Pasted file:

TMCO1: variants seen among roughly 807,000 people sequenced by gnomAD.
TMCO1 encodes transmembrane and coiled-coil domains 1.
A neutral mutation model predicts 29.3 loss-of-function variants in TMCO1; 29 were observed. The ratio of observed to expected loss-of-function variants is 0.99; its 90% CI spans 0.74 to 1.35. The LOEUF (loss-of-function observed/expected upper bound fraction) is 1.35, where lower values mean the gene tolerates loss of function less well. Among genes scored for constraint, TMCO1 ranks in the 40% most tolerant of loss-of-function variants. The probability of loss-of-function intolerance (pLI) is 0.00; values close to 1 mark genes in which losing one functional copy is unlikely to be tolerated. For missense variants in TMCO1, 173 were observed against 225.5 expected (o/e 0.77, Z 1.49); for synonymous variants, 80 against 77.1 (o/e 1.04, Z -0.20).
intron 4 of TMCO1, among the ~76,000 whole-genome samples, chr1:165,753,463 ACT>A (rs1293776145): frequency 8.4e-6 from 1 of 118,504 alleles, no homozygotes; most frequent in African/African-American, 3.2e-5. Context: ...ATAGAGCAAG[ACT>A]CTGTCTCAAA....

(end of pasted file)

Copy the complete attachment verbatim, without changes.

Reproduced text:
TMCO1: variants seen among roughly 807,000 people sequenced by gnomAD.
TMCO1 encodes transmembrane and coiled-coil domains 1.
A neutral mutation model predicts 29.3 loss-of-function variants in TMCO1; 29 were observed. The ratio of observed to expected loss-of-function variants is 0.99; its 90% CI spans 0.74 to 1.35. The LOEUF (loss-of-function observed/expected upper bound fraction) is 1.35, where lower values mean the gene tolerates loss of function less well. Among genes scored for constraint, TMCO1 ranks in the 40% most tolerant of loss-of-function variants. The probability of loss-of-function intolerance (pLI) is 0.00; values close to 1 mark genes in which losing one functional copy is unlikely to be tolerated. For missense variants in TMCO1, 173 were observed against 225.5 expected (o/e 0.77, Z 1.49); for synonymous variants, 80 against 77.1 (o/e 1.04, Z -0.20).
intron 4 of TMCO1, among the ~76,000 whole-genome samples, chr1:165,753,463 ACT>A (rs1293776145): frequency 8.4e-6 from 1 of 118,504 alleles, no homozygotes; most frequent in African/African-American, 3.2e-5. Context: ...ATAGAGCAAG[ACT>A]CTGTCTCAAA....